Señor Ralph, your taxi is here

Nader/ U.S. Library of Congress
   Ralph Nader had already made auto safety his cause in 1959, but his visit to Cuba in April that year was prompted by Castro, not cars. He wanted to get a close look at the revolutionary whose seizure of power in Cuba had captured the world's attention.
   Nader succeeded, taking in a press conference and, despite his lack of media credentials, even managing to direct some questions at the Cuban president.
   On his return to the U.S. Nader co-authored a report for the Harvard Law Record, an independent, student-edited newspaper, that today reads largely as an apology for the rush trials and executions that followed Castro's takeover.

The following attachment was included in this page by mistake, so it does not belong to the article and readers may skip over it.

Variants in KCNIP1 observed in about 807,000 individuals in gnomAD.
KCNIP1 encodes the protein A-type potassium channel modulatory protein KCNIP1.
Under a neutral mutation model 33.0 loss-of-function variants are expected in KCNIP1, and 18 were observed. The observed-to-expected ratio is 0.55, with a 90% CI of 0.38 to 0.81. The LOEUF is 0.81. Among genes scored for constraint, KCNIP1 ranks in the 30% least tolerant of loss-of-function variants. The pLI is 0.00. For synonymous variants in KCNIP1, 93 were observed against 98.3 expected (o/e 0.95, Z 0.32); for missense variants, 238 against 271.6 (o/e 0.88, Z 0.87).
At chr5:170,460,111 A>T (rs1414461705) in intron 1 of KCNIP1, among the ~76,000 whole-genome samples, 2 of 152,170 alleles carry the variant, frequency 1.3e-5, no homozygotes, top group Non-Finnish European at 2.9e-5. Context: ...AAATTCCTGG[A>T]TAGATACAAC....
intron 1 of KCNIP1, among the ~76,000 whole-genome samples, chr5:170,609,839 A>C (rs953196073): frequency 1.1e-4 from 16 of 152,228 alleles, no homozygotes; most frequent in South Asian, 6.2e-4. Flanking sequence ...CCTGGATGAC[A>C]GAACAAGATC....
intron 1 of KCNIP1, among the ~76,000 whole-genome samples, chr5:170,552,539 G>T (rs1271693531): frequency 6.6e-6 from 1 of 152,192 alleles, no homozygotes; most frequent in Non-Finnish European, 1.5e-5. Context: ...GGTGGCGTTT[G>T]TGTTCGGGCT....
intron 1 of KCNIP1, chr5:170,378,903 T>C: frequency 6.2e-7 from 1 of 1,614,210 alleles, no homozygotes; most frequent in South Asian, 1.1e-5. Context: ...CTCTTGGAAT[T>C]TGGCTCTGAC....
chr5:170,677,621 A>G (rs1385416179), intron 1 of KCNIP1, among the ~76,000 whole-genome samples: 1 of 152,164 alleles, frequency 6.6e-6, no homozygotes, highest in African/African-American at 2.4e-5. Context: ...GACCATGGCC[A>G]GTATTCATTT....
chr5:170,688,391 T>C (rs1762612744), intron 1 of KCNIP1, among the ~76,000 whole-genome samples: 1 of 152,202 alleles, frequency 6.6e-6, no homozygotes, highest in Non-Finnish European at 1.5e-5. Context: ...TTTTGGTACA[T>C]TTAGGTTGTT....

He travelled to Cuba at least twice more, dining with Fidel Castro at the Palace of the Revolution in 2002, where he might have discussed with the Cuban leader his own presidential aspirations, and then returning six years later to again criticize the U.S. trade embargo against Cuba.
   There have been no recorded visits since. Maybe Nader noticed in 2008 that Cubans were STILL driving those Chevrolet Corvairs.

The answer to a question you never thought to ask: What would a 1960 Chevrolet Corvair
look like with headlamps from a modern 

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